If the truck has 200,000 or more miles on it sell the 95 its not worth beating a dead horse. You NEVER save money constantly repairing a old truck a new truck may cost you 40,000 but it will last you 10 years. Spending 10 grand fixing up a 7000 dollar truck still makes it a 7000 dollar truck.

Trust me I have seen people dump tons of money into old trucks that never gained they lost its cheaper to buy new.


I have been mulling over a similar issue. I would like to pick up a new GMC 2T with a duramax, and yet keep my old dumper.

So with the numbers above, you have a $40k truck that will last you 10 years. At that it will still cost you $333.33333333333333333333333333333 per month for 10 years. Thats a chunk of change to count on every month for 10 years. It might be cheaper to drop a new engine in the old truck. Once the new engine is in, other repairs are going to be normal to any vehicle after a certain number of miles regardless as to whether it is new or not.

Tim

Gravel Rat
12-03-2006, 07:49 PM
The Cummins is a good option for Chevy as the 6.5 is a turd engine definatly not one of Chevys finest. There are adaptors that you can get for the Chevy engine to bolt to what ever transmission you want. The only problem with Cummins is they are loud engines.

muddstopper
12-05-2006, 06:55 PM
Gravel, are you saying my old Chevy is worth $7000???? Sold, I will even take Canadian.LOL. All bull aside. I know what you mean about old trucks nickel and dimeing you to death. I put about 8-9000 miles a year on my trucks. My 2005 4500 only has 9000 miles on it and its a year and ahalf old. The problem with buying a new truck is where I take it. Always a dozer on standby to drag it in and out. Its hard to pony up $40 grand and watch it get beatup in the brush. Thats why I prefer just fixing my old truck. Someone mentioned the cummins on ebay for $5000. Well, that might get you the engine, but what about the radiator, alternators, electronics and anything else you might have to buy, including an adapter. We are getting close to the duramax conversion money wise if I buy a complete system from a wrecked truck. It will last me as long as a new truck for a fraction of the cost of new. And I wont have to kill the engine everytime i drive up to a drivethru to order a burger. I still dont know just how well the duramax will fit in my old truck, but I know i will have to do some modifications if I go with another engine, so no big difference there in difficulty of the install. Anyways, I am still weighing my options. I have found a couple of ford 7.3 trucks and just might buy one of them and sell my old truck. I know I will like the straight axel in the fords better than the aframe supension of the chevy. Still have the engine noise tho.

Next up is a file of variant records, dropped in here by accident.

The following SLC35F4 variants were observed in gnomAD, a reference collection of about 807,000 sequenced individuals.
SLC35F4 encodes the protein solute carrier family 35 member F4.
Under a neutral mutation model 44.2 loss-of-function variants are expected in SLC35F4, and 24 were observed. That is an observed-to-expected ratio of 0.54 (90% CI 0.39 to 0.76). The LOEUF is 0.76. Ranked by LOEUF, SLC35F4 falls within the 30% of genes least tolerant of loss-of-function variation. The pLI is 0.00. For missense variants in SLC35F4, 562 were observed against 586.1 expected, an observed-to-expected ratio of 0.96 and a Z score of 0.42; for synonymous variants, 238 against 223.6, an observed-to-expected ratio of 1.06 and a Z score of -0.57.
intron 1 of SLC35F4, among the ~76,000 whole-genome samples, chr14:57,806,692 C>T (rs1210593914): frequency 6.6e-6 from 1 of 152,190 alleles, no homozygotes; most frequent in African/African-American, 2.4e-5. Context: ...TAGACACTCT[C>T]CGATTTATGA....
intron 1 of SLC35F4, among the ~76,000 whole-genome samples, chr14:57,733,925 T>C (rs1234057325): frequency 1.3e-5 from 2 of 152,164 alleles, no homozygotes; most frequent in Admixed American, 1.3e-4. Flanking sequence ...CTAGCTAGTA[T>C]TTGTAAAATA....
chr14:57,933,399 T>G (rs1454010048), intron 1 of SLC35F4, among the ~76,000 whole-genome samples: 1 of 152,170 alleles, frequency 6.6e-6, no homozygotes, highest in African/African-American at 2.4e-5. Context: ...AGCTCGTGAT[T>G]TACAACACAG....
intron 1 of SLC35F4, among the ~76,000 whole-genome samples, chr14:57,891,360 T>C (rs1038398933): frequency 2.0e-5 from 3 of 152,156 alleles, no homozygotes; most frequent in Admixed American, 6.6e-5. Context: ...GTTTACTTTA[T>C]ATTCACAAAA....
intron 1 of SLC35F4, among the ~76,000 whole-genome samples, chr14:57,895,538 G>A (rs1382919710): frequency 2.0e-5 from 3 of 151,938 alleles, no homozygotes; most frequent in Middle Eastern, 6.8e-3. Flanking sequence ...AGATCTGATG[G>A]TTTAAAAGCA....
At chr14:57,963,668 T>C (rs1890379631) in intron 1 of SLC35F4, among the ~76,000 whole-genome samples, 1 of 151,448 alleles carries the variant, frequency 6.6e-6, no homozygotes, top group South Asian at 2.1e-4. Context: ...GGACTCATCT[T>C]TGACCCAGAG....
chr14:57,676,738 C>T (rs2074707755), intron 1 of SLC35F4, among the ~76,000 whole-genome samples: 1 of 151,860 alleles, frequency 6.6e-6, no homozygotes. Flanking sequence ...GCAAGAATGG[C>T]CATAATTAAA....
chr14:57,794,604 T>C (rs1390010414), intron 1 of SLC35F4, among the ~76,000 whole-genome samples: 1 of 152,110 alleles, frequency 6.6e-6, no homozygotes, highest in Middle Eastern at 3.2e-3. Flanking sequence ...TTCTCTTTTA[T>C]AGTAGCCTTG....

tnmtn
12-05-2006, 08:57 PM
i had checked into a cummins conversion for my 94 F350. as i remember the shop quoted around $10,000 for them to do the install with a reman engine. i was trying to get more power for the truck and then decided to go with the new Chevy. the Ford is still running and i use it for lighter jobs.

muddstopper
12-05-2006, 09:54 PM
I did a little e-bay searching and found a few of the cummins as well as duramax engines. Late model stuff was similarly priced. engines only, with ecm's ect. around $5grand. Did find a couple of complete duramaxes, including trannies and transfercases at $9-$10 grand. I think I will just put a new turbo on my old truck for now, and keep looking for a better truck.

Albemarle Lawn
12-07-2006, 12:21 AM
but for that old Chevy....

Just drop an Carbureted 350 in it with a towing cam and L-31 Vortec heads (Edelbrock makes a manifold for a carb on Vortec heads). A turbo 400 trans would really complete the deal nicely.